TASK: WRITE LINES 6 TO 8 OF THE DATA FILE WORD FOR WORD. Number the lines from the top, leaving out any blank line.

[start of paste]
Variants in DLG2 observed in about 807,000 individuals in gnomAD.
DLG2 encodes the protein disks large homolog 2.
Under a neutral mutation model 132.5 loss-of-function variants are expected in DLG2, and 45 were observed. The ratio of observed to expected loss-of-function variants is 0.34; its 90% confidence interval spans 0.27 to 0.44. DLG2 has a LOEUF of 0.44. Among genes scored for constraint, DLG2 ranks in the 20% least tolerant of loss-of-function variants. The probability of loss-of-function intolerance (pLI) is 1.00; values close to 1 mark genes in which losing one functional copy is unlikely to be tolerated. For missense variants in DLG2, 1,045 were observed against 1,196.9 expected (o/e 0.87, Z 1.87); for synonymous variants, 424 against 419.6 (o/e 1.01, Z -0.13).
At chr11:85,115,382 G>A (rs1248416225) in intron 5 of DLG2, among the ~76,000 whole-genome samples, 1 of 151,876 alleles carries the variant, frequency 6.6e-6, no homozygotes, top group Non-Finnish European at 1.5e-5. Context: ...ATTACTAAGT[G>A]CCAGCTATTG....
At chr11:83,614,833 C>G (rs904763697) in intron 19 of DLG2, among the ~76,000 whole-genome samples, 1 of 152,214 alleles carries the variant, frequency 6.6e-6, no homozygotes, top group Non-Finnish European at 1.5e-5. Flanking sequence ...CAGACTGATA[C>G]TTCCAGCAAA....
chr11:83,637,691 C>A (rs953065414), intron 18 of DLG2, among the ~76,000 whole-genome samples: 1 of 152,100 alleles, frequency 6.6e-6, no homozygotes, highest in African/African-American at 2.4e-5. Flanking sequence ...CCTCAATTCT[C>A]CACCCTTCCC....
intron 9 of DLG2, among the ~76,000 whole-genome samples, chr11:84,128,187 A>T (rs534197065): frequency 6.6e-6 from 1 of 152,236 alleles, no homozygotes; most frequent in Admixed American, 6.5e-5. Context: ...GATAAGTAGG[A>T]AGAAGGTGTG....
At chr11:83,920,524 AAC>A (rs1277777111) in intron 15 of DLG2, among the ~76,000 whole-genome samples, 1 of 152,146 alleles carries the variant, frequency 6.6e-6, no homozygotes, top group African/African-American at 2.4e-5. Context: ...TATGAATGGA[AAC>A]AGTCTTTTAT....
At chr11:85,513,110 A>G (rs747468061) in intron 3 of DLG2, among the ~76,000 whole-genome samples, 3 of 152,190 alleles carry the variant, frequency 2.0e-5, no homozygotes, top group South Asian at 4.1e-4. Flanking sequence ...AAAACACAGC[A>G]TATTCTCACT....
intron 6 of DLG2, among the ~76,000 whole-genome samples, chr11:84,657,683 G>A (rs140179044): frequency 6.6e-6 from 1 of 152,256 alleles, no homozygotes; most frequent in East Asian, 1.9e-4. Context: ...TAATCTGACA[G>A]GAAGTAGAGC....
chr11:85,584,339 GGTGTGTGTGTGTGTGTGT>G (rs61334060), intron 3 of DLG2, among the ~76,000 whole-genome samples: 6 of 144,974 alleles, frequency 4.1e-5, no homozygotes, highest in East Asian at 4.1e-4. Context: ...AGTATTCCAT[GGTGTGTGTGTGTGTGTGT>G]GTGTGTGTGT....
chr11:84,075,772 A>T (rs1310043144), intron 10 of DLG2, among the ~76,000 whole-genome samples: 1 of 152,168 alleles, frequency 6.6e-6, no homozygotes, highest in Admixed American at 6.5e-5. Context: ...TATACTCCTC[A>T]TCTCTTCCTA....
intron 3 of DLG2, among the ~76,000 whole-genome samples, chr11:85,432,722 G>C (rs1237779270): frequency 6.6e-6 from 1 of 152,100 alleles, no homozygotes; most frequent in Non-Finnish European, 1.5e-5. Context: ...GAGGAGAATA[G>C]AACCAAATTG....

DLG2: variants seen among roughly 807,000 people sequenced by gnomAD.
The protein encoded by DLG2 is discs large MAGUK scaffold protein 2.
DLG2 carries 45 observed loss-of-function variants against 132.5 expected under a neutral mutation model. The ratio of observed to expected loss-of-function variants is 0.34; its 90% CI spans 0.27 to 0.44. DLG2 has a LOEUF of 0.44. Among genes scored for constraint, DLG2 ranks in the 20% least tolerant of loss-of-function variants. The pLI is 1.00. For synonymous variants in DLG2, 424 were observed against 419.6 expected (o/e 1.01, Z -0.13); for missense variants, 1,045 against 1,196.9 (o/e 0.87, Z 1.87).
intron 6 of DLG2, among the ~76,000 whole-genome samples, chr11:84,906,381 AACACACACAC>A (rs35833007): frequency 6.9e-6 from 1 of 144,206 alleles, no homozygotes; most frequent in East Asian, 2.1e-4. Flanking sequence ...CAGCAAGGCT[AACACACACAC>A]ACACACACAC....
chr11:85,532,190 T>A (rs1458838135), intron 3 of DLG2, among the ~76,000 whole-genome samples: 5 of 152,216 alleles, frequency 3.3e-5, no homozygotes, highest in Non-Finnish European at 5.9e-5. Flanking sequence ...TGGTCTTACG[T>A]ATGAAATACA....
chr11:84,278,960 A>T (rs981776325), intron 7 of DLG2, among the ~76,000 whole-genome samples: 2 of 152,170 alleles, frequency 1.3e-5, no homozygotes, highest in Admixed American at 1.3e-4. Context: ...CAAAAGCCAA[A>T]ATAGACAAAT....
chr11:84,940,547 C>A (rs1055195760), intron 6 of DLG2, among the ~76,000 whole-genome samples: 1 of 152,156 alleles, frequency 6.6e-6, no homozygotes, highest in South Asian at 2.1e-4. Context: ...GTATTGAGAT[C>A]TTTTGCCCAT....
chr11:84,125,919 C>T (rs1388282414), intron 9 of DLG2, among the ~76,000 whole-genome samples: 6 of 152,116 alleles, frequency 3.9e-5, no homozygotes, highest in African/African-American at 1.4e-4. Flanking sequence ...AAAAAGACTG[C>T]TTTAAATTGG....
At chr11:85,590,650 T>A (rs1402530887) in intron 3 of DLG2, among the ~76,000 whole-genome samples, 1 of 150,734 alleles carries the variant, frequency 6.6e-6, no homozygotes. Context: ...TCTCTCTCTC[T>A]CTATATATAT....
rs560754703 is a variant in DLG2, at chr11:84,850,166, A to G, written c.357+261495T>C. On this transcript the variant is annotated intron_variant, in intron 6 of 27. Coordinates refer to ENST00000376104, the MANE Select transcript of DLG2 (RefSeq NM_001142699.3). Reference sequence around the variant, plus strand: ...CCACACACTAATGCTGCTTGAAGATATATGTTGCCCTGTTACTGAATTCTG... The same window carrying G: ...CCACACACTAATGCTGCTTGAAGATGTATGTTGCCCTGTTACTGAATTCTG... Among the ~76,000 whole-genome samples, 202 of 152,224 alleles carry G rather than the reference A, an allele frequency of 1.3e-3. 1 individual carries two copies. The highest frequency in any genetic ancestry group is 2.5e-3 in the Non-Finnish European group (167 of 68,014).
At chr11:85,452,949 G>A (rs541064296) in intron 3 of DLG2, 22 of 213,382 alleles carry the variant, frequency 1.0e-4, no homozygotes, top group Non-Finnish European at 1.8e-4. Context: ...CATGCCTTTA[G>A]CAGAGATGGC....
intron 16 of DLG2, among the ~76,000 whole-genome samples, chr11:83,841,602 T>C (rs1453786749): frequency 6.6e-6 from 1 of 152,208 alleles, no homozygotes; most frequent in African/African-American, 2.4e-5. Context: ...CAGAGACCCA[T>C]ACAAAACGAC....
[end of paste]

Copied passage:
chr11:83,637,691 C>A (rs953065414), intron 18 of DLG2, among the ~76,000 whole-genome samples: 1 of 152,100 alleles, frequency 6.6e-6, no homozygotes, highest in African/African-American at 2.4e-5. Flanking sequence ...CCTCAATTCT[C>A]CACCCTTCCC....
intron 9 of DLG2, among the ~76,000 whole-genome samples, chr11:84,128,187 A>T (rs534197065): frequency 6.6e-6 from 1 of 152,236 alleles, no homozygotes; most frequent in Admixed American, 6.5e-5. Context: ...GATAAGTAGG[A>T]AGAAGGTGTG....
At chr11:83,920,524 AAC>A (rs1277777111) in intron 15 of DLG2, among the ~76,000 whole-genome samples, 1 of 152,146 alleles carries the variant, frequency 6.6e-6, no homozygotes, top group African/African-American at 2.4e-5. Context: ...TATGAATGGA[AAC>A]AGTCTTTTAT....